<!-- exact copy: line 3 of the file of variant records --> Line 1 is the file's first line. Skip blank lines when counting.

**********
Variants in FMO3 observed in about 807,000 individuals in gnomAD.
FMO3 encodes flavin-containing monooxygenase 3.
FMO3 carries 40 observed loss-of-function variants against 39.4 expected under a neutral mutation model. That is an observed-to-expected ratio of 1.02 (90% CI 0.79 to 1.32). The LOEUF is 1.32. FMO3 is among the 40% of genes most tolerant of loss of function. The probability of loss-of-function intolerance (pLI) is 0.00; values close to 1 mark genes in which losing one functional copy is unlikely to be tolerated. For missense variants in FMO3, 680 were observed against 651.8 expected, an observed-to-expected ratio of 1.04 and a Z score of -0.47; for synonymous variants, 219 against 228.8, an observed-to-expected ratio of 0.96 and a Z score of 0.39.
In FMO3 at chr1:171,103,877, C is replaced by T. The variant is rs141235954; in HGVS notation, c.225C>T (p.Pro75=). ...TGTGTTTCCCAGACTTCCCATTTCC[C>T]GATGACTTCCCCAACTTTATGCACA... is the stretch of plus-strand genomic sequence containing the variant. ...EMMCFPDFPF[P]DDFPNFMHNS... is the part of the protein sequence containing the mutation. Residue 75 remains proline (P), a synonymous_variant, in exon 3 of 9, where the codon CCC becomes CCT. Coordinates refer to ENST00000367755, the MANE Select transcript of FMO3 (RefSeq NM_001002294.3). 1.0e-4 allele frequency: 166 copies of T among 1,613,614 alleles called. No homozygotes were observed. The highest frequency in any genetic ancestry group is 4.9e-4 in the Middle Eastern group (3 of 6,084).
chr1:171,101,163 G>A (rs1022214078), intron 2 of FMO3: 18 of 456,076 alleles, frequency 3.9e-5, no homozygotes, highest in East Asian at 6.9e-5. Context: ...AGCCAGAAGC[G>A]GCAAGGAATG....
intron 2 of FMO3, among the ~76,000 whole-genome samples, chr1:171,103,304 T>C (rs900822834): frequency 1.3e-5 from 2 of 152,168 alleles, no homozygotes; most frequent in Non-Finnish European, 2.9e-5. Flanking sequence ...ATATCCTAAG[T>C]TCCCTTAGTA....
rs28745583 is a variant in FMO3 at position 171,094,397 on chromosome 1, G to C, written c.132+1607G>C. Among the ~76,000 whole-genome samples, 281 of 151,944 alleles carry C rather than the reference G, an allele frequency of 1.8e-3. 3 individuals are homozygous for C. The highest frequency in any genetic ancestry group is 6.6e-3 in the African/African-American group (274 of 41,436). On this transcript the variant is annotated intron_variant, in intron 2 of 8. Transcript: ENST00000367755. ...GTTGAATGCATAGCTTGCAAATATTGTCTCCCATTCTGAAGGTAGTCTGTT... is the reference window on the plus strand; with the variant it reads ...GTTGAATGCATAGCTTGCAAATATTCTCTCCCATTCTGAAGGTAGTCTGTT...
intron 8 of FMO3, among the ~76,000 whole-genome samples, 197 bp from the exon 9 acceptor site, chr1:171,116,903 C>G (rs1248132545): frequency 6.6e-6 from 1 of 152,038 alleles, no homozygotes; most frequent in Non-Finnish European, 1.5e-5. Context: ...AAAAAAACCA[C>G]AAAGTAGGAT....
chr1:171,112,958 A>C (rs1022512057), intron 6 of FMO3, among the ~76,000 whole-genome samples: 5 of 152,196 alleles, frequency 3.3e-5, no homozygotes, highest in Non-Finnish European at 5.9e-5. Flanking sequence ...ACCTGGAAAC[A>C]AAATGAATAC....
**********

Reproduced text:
FMO3 carries 40 observed loss-of-function variants against 39.4 expected under a neutral mutation model. That is an observed-to-expected ratio of 1.02 (90% CI 0.79 to 1.32). The LOEUF is 1.32. FMO3 is among the 40% of genes most tolerant of loss of function. The probability of loss-of-function intolerance (pLI) is 0.00; values close to 1 mark genes in which losing one functional copy is unlikely to be tolerated. For missense variants in FMO3, 680 were observed against 651.8 expected, an observed-to-expected ratio of 1.04 and a Z score of -0.47; for synonymous variants, 219 against 228.8, an observed-to-expected ratio of 0.96 and a Z score of 0.39.